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React Error Boundaries

In the past, if we get any JavaScript errors inside components, it corrupts the React?s internal state and put React in a broken state on next renders. There are no ways to handle these errors in React components, nor it provides any methods to recover from them. But, React 16 introduces a new concept to handle the errors by using the error boundaries. Now, if any JavaScript error found in a part of the UI, it does not break the whole app.

Error boundaries are React components which catch JavaScript errors anywhere in our app, log those errors, and display a fallback UI. It does not break the whole app component tree and only renders the fallback UI whenever an error occurred in a component. Error boundaries catch errors during rendering in component lifecycle methods, and constructors of the whole tree below them.


Sometimes, it is not possible to catch Error boundaries in React application. These are:

  • Event handlers
  • Asynchronous code (e.g. setTimeout or requestAnimationFrame callbacks)
  • Server-side rendering
  • Errors are thrown in the error boundary itself rather than its children.

For simple React app, we can declare an error boundary once and can use it for the whole application. For a complex application which have multiple components, we can declare multiple error boundaries to recover each part of the entire application.

We can also report the error to an error monitoring service like Rollbar. This monitoring service provides the ability to track how many users are affected by errors, find causes of them, and improve the user experience.

Error boundary in class

A class component can becomes an error boundary if it defines a new lifecycle methods either static getDerivedStateFromError() or componentDidCatch(error, info). We can use static getDerivedStateFromError() to render a fallback UI when an error has been thrown, and can use componentDidCatch() to log error information.

An error boundary can?t catch the error within itself. If the error boundary fails to render the error message, the error will go to the closest error boundary above it. It is similar to the catch {} block in JavaScript.

How to implement error boundaries

Step-1 Create a class which extends React component and passes the props inside it.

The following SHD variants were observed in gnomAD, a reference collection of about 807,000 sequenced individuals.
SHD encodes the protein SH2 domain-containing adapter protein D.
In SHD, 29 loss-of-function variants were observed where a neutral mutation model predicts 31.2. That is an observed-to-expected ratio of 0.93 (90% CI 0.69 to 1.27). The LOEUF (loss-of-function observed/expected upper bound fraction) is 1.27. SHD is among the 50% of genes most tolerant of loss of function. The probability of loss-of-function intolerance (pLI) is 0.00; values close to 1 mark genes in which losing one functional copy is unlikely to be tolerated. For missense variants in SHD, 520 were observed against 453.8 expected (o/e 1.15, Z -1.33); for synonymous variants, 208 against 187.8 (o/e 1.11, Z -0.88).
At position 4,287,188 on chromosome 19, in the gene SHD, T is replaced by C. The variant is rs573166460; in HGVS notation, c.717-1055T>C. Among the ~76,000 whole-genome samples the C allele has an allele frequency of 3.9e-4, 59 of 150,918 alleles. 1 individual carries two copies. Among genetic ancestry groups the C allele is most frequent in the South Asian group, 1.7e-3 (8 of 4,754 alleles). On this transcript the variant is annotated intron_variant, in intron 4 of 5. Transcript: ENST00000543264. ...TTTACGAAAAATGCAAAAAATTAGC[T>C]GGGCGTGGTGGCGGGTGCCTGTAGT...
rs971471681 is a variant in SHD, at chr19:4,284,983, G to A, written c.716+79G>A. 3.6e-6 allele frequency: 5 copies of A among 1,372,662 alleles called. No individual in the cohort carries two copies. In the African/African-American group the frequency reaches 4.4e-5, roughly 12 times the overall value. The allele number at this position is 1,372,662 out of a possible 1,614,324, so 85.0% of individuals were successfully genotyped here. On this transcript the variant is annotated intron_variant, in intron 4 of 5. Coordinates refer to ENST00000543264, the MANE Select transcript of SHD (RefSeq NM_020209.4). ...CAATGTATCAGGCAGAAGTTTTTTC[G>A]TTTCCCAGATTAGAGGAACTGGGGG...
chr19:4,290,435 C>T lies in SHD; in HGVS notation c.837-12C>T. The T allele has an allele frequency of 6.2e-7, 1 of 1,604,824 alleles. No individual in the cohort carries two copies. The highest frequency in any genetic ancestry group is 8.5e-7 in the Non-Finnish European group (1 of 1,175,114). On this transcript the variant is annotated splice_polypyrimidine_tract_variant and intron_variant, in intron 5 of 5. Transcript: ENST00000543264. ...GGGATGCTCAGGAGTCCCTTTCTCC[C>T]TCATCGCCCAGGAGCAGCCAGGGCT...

Step-2 Now, add componentDidCatch() method which allows you to catch error in the components below them in the tree.

Step-3 Next add render() method, which is responsible for how the component should be rendered. For example, it will display the error message like "Something is wrong."


Step-4 Now, we can use it as a regular component. Add the new component in HTML, which you want to include in the error boundary. In this example, we are adding an error boundary around a MyWidgetCounter component.

Where to Place Error Boundaries

An error boundary entirely depends on you. You can use error boundaries on the top-level of the app components or wrap it on the individual components to protect them from breaking the other parts of the app.

Let us see an example.

In the above code snippet, when we click on the numbers, it increases the counters. The counter is programmed to throw an error when it reaches 3. It simulates a JavaScript error in a component. Here, we used an error boundary in two ways, which are given below.

First, these two counters are inside the same error boundary. If anyone crashes, the error boundary will replace both of them.

Second, these two counters are inside of their individual error boundary. So if anyone crashes, the other is not affected.


When we execute the above code, we will get the following output.

React Error Boundaries

When the counter has reached at 3, it gives the following output.

React Error Boundaries

New Behavior for Uncaught error

It is an important implication related to error boundaries. If the error does not catch by any error boundary, it will result in unmounting of the whole React application.

Error Boundary in Event Handler

Error boundaries do not allow catching errors inside event handlers. React does not need any error boundary to recover from errors in the event handler. If there is a need to catch errors in the event handler, you can use JavaScript try-catch statement.

In the below example, you can see how an event handler will handle the errors.

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